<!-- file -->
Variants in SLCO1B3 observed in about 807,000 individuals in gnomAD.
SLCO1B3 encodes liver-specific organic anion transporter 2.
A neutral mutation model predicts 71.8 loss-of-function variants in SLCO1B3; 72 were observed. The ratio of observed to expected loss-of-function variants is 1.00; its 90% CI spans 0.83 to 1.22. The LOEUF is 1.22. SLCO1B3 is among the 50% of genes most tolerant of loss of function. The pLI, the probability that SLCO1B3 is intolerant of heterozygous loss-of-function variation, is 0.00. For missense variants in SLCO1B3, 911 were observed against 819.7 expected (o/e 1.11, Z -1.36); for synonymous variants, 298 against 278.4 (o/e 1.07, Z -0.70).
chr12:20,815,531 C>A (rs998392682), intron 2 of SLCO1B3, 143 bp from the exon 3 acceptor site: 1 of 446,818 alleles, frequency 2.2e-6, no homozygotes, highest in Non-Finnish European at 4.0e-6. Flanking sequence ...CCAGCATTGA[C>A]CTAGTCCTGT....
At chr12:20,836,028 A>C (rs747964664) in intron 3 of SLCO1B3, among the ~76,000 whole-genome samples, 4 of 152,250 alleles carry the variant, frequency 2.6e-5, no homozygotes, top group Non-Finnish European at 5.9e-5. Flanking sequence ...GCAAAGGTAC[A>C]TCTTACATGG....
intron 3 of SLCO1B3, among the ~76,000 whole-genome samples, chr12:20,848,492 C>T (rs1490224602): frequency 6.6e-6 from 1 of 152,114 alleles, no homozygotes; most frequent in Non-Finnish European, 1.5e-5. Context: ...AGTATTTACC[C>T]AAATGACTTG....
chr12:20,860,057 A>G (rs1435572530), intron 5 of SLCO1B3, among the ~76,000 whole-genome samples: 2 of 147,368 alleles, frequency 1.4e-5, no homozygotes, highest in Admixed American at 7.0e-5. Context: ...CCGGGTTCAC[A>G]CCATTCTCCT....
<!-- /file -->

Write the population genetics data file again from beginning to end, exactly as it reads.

Variants in SLCO1B3 observed in about 807,000 individuals in gnomAD.
SLCO1B3 encodes liver-specific organic anion transporter 2.
A neutral mutation model predicts 71.8 loss-of-function variants in SLCO1B3; 72 were observed. The ratio of observed to expected loss-of-function variants is 1.00; its 90% CI spans 0.83 to 1.22. The LOEUF is 1.22. SLCO1B3 is among the 50% of genes most tolerant of loss of function. The pLI, the probability that SLCO1B3 is intolerant of heterozygous loss-of-function variation, is 0.00. For missense variants in SLCO1B3, 911 were observed against 819.7 expected (o/e 1.11, Z -1.36); for synonymous variants, 298 against 278.4 (o/e 1.07, Z -0.70).
chr12:20,815,531 C>A (rs998392682), intron 2 of SLCO1B3, 143 bp from the exon 3 acceptor site: 1 of 446,818 alleles, frequency 2.2e-6, no homozygotes, highest in Non-Finnish European at 4.0e-6. Flanking sequence ...CCAGCATTGA[C>A]CTAGTCCTGT....
At chr12:20,836,028 A>C (rs747964664) in intron 3 of SLCO1B3, among the ~76,000 whole-genome samples, 4 of 152,250 alleles carry the variant, frequency 2.6e-5, no homozygotes, top group Non-Finnish European at 5.9e-5. Flanking sequence ...GCAAAGGTAC[A>C]TCTTACATGG....
intron 3 of SLCO1B3, among the ~76,000 whole-genome samples, chr12:20,848,492 C>T (rs1490224602): frequency 6.6e-6 from 1 of 152,114 alleles, no homozygotes; most frequent in Non-Finnish European, 1.5e-5. Context: ...AGTATTTACC[C>T]AAATGACTTG....
chr12:20,860,057 A>G (rs1435572530), intron 5 of SLCO1B3, among the ~76,000 whole-genome samples: 2 of 147,368 alleles, frequency 1.4e-5, no homozygotes, highest in Admixed American at 7.0e-5. Context: ...CCGGGTTCAC[A>G]CCATTCTCCT....